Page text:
Create Account | Sign In: Author or Forum

 
News  |  Journals  |  Conferences  |  Opinion  |  Articles  |  Forums  |  Twitter    
 
Category: Cardiology | Endocrinology | Family Medicine | Internal Medicine | Pharmacy | Journal

Back to Journal Articles

Drug Reduces Rate of Conversion to Type 2 Diabetes

Last Updated: March 23, 2011.

 

But pioglitazone also appears to cause weight gain and edema

Share |

Comments: (0)

Tell-a-Friend

 

  Related
 
Pioglitazone effectively reduces conversion to type 2 diabetes in people with impaired glucose tolerance, though it may also lead to weight gain and edema, according to research published in the March 24 issue of the New England Journal of Medicine.

WEDNESDAY, March 23 (HealthDay News) -- Pioglitazone effectively reduces conversion to type 2 diabetes in people with impaired glucose tolerance, though it may also lead to weight gain and edema, according to research published in the March 24 issue of the New England Journal of Medicine.

Ralph A. DeFronzo, M.D., of the University of Texas Health Science Center in San Antonio, and colleagues randomly assigned 602 patients with impaired glucose tolerance to pioglitazone or placebo to see whether the former reduced the rate of conversion to type 2 diabetes.

After a median follow-up of 2.4 years, the researchers found that the annual incidence of conversion to diabetes was 2.1 percent in the treatment group and 7.6 percent in the control group. They observed conversion to normal glucose tolerance in 48 percent of the patients in the pioglitazone group and 28 percent of those in the control group. Pioglitazone was also associated with significantly lower levels of fasting glucose, two-hour glucose, and HbA1c, as well as decreased diastolic blood pressure, a lower rate of carotid intima-media thickening (P = 0.047), and a larger increase in high-density lipoprotein cholesterol. Patients in the treatment group, however, experienced greater weight gain (3.9 kg versus 0.77 kg) and more frequent edema (12.9 versus 6.4 percent).

"Use of pioglitazone improved diastolic blood pressure, high-density lipoprotein cholesterol levels, and serum levels of alanine aminotransferase and aspartate aminotransferase, and it slowed progression of carotid intima-media thickening. The influence of these effects on long-term diabetic complications remains to be determined," the authors write.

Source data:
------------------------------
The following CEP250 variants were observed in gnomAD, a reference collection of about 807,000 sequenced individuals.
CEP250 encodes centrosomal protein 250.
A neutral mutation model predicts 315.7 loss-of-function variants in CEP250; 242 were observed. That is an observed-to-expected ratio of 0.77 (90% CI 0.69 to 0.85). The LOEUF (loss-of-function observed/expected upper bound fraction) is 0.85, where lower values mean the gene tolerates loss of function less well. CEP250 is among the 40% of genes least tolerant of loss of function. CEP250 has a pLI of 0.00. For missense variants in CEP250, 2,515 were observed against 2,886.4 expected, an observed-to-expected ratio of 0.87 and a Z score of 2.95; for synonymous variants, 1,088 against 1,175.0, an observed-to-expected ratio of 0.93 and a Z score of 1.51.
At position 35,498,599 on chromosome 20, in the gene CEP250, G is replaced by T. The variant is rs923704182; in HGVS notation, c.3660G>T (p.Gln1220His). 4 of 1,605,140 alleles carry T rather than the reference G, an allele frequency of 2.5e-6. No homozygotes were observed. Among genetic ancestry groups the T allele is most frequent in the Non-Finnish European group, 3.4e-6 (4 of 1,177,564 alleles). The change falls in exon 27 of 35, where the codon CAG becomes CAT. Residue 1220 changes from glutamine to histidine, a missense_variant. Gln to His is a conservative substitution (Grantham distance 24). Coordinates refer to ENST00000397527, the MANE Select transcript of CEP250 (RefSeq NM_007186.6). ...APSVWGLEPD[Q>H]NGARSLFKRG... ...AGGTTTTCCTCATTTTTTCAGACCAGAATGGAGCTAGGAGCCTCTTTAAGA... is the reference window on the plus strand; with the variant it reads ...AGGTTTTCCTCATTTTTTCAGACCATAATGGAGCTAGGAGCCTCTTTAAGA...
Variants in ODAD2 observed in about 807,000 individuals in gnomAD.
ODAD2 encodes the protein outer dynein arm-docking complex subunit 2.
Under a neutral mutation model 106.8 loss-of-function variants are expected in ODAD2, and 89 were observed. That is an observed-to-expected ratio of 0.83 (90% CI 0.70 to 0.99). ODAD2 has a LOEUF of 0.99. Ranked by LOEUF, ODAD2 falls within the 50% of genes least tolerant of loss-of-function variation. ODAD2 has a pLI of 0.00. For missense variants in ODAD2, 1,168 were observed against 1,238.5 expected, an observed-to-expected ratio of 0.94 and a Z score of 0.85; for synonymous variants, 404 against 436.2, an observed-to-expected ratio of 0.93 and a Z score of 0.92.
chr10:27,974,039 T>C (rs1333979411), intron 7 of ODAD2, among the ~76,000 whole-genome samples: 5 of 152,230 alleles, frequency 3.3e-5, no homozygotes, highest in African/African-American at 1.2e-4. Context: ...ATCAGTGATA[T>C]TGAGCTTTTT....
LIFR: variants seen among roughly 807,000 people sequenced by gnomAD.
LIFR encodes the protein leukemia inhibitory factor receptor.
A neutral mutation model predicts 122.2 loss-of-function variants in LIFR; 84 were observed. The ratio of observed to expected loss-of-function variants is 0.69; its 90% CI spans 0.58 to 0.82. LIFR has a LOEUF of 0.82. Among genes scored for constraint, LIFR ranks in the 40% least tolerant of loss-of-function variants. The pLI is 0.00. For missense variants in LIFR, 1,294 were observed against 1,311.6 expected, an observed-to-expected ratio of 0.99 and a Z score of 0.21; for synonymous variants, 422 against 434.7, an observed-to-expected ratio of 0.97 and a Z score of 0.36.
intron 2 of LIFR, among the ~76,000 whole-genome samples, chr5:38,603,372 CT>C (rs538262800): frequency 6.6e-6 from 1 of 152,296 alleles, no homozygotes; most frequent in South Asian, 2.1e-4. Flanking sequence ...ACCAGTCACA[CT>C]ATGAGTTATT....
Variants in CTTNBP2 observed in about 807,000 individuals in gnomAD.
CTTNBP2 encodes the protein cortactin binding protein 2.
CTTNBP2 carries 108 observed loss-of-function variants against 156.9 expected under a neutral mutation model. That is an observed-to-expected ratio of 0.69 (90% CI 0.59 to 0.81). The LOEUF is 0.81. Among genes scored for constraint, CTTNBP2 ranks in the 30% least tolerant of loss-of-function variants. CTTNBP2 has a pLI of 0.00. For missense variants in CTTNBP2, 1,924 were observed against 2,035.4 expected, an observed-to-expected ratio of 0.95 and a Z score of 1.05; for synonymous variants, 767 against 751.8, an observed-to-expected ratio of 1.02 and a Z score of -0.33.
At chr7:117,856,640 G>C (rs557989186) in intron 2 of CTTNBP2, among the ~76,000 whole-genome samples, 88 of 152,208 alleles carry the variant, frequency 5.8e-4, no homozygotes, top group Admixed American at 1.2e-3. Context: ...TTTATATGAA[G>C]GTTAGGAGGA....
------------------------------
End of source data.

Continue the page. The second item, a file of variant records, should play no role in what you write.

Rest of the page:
The study was funded in part by Takeda Pharmaceuticals, maker of pioglitazone; several authors disclosed financial relationships with Takeda and/or other pharmaceutical companies.

Full Text (subscription or payment may be required)

Copyright © 2011 HealthDay. All rights reserved.


Previous: Mercury Exposure and CVD Not Associated Next: AHA: Physical Activity Attenuates Salt's Impact on BP

Reader comments on this article are listed below. Review our comments policy.


Submit your opinion:

Name:

Email:

Location:

URL:

Remember my personal information

Notify me of follow-up comments?

advertisement.gif (61x7 -- 0 bytes)
 

Are you a Doctor, Pharmacist, PA or a Nurse?

Join the Doctors Lounge online medical community

  • Editorial activities: Publish, peer review, edit online articles.

Doctors Lounge Membership Application

 
     

 advertisement.gif (61x7 -- 0 bytes)

 

 

Useful Sites
MediLexicon
  Tools & Services: Follow DoctorsLounge on Twitter Follow us on Twitter | RSS News | Newsletter | Contact us
Copyright © 2001-2014
Doctors Lounge.
All rights reserved.

Medical Reference:
Diseases | Symptoms
Drugs | Labs | Procedures
Software | Tutorials

Advertising
Links | Humor
Forum Archive
CME | Conferences

Privacy Statement
Terms & Conditions
Editorial Board
About us | Email

This website is certified by Health On the Net Foundation. Click to verify. This site complies with the HONcode standard for trustworthy health information:
verify here.